Healthcare giants: have clue, will build.

Whyville Bioplex

When it comes to the use of virtual environments, the healthcare industry is no less prone to fall into marketing pits of doom than any other industry. Static data, presented in a slap-dash fashion like posters on a wall. Huge, unused buildings that serve no particular purpose, and the occasional video. This seems to be the standard fare presented by companies and organisations coming into virtual environments who are not sensible about use of the medium. Often, these folk would have been better served by a well-organised Web page than the mish-mash they present within virtual environments. Indeed, their attempts are distinctly reminiscent of the early days of the Web, before people got a handle on that medium.

It’s not all bad, however. A couple of companies and organisations have produced useful and significant services that are appropriate for virtual environments. They have clearly thought about how best to discharge the services they already provide to demographics containing the folks they previously had a great deal of trouble reaching. People who use virtual environments, and who:

a) are unable or unwilling to leave their homes to obtain health information or care;
b) suffer from chronic illnesses that require some maintenance by the patient that can be bolstered by health information or care delivered online;
c) are young, not requiring specific healthcare, but can benefit from information delivery.

One of the best efforts open to the public eye is Palomar West hospital, a venture by Cisco, Palomar Pomerado Health, and metaverse developers Millions-of-us. The Second Life version of the hospital, built before the real version, is an exact model of what you can expect to see in San Diego in 2011, to the extent that several rooms are fully kitted-out with the sort of equipment that will fill the real thing. The Second Life exhibit is quite interactive, and provides an excellent idea of how things might operate in reality. Cisco Systems will power the real hospital. A central, internal network will be created to support the operation of the hospital, from patient locations via RFID tags, to room temperature and lighting via bedside screens, to the robotic technology that enables surgeons to operate remotely and automated systems for diagnostic work. Incidently, when we wandered past the site to take a closer look, a research study was being conducted. It’s good to know that this virtual environment replica is useful not only for future patients, and public healthcare at that level of education, but also for medical and other professionals.

Another ongoing project that has proved to be successful is one put on by the CDC in Whyville. Whyville is a virtual scientific learning environment for kids aged 8 to 15 years old. During the influenza season in the real world, Whyvillians are also placed at risk of developing the “Why-flu”, which causes sneezing and red spots on the avatar’s face. Not only were kids given the chance to have their avatar inoculated prior to the Why-flu season beginning, during the season those who caught the flu had a chance to buy remedies from the pharmacy, which were time-limited, and which came at a cost. During the second round of the project in 2007-2008, Whyvillians were encouraged to invite their grandparents to come and be virtually inoculated also. Thus information was disseminated across several generations online, and no doubt further than that offline, to other family members, and from there into the wider population.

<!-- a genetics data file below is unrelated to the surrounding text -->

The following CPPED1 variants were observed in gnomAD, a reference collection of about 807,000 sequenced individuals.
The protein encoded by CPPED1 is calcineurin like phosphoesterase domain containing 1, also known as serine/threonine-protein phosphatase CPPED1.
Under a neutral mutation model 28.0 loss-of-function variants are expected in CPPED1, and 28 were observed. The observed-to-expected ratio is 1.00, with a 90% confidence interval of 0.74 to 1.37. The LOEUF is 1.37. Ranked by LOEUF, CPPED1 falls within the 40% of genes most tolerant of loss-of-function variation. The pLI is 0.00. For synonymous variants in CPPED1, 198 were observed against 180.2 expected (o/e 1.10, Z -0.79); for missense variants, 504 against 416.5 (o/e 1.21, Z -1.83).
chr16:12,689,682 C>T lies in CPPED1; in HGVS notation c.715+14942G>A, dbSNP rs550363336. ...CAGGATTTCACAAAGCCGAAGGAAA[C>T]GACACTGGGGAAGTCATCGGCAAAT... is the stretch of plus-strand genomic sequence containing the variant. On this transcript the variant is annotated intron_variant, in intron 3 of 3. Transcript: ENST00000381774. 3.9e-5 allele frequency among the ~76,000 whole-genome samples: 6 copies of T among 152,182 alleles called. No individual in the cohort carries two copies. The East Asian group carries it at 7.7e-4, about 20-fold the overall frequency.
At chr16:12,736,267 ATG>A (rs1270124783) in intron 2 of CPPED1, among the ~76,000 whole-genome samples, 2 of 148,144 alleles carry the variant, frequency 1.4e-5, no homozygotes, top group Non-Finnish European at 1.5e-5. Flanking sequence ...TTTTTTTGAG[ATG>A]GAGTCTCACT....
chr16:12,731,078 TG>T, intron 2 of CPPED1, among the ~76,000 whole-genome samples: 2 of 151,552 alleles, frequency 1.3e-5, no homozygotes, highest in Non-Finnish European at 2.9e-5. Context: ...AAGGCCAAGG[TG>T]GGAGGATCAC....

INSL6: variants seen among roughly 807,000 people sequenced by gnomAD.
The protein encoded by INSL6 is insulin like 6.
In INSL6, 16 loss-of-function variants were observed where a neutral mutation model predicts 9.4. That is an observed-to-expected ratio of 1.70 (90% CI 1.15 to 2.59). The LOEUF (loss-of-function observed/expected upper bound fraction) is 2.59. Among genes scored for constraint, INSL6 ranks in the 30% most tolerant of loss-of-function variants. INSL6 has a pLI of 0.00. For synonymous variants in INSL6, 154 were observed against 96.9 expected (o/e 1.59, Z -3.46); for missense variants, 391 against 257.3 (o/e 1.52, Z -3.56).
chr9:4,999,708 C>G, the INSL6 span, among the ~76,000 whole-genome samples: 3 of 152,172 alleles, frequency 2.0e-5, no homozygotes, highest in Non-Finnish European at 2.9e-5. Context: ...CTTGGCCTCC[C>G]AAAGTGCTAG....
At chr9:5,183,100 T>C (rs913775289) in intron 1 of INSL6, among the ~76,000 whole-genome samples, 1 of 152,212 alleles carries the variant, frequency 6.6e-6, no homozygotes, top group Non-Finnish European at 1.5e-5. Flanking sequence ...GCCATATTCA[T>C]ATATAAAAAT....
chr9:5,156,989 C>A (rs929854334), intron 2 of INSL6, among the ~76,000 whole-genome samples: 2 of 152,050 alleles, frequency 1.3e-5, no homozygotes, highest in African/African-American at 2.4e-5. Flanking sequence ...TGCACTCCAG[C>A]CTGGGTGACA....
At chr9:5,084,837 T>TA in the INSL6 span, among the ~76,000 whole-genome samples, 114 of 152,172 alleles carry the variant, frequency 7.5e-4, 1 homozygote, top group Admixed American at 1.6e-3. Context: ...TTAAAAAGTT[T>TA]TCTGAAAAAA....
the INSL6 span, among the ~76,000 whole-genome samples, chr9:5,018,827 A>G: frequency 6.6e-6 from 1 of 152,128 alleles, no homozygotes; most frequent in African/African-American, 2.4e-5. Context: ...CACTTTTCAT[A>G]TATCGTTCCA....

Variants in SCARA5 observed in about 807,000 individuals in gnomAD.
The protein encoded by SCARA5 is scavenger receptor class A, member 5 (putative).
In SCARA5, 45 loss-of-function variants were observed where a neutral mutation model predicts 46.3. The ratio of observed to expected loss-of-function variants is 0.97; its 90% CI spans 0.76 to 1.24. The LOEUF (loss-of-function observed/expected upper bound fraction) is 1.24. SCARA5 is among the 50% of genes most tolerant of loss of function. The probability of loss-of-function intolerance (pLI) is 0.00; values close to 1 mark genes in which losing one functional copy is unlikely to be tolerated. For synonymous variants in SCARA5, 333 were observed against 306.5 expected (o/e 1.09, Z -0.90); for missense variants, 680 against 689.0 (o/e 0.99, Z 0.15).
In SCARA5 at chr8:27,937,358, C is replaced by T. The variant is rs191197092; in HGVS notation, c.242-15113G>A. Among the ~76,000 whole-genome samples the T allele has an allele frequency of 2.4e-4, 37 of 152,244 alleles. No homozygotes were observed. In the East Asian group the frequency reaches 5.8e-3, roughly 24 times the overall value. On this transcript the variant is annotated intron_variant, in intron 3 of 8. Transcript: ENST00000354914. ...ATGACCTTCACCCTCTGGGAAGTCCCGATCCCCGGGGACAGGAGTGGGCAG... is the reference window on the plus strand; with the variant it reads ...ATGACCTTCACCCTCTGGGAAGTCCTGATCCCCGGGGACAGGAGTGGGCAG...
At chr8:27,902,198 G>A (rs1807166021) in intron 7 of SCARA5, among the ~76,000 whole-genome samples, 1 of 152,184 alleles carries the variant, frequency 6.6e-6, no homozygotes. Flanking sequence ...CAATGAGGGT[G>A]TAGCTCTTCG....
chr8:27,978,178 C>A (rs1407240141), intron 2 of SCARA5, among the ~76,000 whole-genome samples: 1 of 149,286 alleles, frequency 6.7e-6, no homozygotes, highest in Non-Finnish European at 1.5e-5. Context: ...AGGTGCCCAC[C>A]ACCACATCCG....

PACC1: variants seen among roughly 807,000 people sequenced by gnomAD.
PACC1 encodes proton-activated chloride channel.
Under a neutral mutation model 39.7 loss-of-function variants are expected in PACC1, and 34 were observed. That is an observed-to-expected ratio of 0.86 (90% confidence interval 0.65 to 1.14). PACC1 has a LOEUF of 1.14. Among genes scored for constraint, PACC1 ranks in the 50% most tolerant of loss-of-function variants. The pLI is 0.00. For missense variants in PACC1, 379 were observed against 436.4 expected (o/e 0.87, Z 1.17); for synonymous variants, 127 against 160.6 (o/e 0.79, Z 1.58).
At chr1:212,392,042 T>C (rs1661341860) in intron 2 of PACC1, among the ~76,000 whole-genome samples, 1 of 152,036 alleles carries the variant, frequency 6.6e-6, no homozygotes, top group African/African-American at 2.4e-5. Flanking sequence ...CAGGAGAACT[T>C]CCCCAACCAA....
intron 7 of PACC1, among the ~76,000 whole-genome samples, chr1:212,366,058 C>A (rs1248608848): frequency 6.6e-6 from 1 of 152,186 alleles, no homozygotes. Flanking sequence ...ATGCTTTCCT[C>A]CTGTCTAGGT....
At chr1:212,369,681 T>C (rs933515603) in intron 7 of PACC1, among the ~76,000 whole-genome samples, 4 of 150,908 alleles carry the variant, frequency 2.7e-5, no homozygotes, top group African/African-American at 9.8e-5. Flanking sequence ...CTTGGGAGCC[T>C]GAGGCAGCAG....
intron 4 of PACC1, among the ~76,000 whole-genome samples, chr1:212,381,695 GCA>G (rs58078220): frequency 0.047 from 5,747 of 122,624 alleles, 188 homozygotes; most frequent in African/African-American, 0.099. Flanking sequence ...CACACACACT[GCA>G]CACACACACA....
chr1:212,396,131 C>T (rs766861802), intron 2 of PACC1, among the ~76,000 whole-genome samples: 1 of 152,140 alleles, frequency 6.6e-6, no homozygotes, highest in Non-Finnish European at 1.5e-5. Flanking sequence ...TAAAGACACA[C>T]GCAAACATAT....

This year the CDC has teamed up with CIGNA to produce a healthcare island in Second Life.

“About 90% of what we’re doing with chronic disease management involves behavior change. We could do more for our patients who have diabetes, weight problems or hypertension by helping them relieve their stress and achieve better mental health.” This is what they hope to cover in the virtual environment.

We are yet to experience the island for ourselves, however given the success of the Whyville project, it seems that the CDC have an excellent idea of what it takes to sell healthcare information to the younger generation; it will be interesting to see what tack they take for older folk. Most people like to take their medicinal information with a spoonful of sugar – experience will tell whether games will be the sweetener required, or whether talks and general social interaction are the preferential nectar.

Another site of note: the Second Health hospital or Polyclinic, Second Health London in Second Life. In a similar fashion to the West Palomar site (though in less detail), the Polyclinic displays a 3D representation as it might exist in real life. The establishment can be toured, though perhaps the machinima made at the site in Second Life, with accompanying information, is more enlightening. Though an entire medical campus has been built, with signs denoting the areas in which GPs and specialists will see patients, the acute care clinic and diagnostic facilities, none of the detail of equipment or functioning of the clinic has been created.

Yet another fantastic use of virtual environments is exemplified by the folk over at Play2Train. A town and two hospitals have been fitted out to enable “Strategic National Stockpile (SNS), Simple Triage Rapid Transportation (START), Risk Communication and Incident Command System (ICS) Training”.”Play2Train provides opportunities for training through interactive role playing.”

For a quick round up of other nifty virtual doings in healthcare, visit this link.

There is a vast diversity of healthcare information that needs to be delivered, both to professionals and to the general public. Virtual environments may only slowly be coming into their own in this realm, however, there is hope for them yet.

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